I can't say I blame them. Trying to get rid of an incompetent teacher with union protection is very difficult. Better to try to weed bad teachers out before they're untouchable. On the other hand, you need to give new teachers a chance. They need at least a couple of years before you can really see how they will do.


Instead, districts hire credentialed teachers on a day-to-day contract because they can get away with it. And until this year, districts were even hiring non-credentialed teachers on emergency 30-day state teaching permits. ( They would do it because they could do it, and they did it en masse. )

I don't know about 30 day permits. I never saw those. What I did see was teachers on renewable annual emergency permits. There was definitely some abuse of that system, but it was mostly teachers slipping through for a few years without finishing they're credentials.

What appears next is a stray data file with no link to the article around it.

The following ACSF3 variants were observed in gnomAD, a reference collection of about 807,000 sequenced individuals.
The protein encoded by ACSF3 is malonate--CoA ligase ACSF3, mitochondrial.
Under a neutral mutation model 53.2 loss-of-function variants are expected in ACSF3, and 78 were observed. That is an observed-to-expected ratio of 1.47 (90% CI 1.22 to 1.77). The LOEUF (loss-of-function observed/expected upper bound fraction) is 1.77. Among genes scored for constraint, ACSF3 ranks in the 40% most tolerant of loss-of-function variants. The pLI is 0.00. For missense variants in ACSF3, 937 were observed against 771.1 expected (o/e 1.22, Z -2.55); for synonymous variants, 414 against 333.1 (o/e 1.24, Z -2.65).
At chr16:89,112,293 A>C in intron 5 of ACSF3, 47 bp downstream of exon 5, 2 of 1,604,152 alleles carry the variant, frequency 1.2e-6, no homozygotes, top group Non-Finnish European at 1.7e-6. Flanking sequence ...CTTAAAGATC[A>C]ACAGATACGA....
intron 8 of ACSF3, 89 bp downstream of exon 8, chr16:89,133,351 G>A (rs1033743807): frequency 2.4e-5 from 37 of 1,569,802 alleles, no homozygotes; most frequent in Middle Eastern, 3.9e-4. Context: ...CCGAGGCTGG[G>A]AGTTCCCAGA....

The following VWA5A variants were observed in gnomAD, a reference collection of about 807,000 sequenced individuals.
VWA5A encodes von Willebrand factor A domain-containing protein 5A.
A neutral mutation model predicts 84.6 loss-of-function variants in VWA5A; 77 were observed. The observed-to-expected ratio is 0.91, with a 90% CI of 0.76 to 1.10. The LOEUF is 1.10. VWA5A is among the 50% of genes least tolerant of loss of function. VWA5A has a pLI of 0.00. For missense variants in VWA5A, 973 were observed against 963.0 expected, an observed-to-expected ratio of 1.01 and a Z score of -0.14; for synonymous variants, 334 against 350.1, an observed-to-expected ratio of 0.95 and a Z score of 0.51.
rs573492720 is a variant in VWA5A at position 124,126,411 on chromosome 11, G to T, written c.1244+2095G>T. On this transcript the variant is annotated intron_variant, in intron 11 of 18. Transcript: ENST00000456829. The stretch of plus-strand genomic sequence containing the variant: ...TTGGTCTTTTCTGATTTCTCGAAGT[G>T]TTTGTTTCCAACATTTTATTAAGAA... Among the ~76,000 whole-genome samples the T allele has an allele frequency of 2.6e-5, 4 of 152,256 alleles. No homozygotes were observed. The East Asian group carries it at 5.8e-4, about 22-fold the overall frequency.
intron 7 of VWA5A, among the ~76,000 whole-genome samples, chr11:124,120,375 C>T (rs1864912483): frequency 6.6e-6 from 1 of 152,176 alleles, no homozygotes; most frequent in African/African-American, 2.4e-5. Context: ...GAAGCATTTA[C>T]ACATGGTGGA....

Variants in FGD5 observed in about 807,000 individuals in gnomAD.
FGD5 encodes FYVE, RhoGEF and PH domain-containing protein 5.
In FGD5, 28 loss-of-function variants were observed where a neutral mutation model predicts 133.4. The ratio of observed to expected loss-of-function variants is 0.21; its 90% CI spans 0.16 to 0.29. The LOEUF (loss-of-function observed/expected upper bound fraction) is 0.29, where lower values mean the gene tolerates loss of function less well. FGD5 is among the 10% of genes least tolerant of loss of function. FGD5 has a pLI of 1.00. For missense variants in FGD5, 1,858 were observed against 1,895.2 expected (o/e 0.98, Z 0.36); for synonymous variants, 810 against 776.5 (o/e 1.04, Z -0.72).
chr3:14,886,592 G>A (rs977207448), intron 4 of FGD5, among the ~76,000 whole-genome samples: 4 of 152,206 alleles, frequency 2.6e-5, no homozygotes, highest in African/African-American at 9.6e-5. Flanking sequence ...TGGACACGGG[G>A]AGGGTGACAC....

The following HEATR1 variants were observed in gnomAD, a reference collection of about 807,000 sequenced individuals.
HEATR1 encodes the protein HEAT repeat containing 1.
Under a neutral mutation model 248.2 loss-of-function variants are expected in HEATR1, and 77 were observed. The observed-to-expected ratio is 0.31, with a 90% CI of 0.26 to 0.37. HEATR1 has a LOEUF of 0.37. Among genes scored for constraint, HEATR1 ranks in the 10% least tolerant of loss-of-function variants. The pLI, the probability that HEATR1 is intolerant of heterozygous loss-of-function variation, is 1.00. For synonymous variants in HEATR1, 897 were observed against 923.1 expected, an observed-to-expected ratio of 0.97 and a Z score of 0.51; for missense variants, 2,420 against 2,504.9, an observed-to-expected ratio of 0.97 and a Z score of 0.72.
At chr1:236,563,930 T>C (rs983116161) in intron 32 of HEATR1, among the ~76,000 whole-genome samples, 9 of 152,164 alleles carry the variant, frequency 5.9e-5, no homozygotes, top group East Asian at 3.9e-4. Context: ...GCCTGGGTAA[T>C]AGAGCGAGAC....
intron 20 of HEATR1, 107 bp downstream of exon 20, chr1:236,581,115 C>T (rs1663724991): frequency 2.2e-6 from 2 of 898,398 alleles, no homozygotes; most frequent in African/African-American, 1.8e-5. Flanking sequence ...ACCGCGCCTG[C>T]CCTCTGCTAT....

Meanwhile, the career teachers, the lifers, get hired for the new jobs. And the lifers never leave the profession because the retirement benefits after 25 years in the classroom are so delicious.

You know, you seem to have a lot of resentment towards those that have made a profession out of the profession you yourself have chosen to pursue. Not to get too Freudian, but maybe you want to rethink your career choice.

I mean, let's say you actually get hired, get a tenure track spot, are successful, work for 25 to 30 years, and retire. You'll just hate yourself. Why put yourself through that?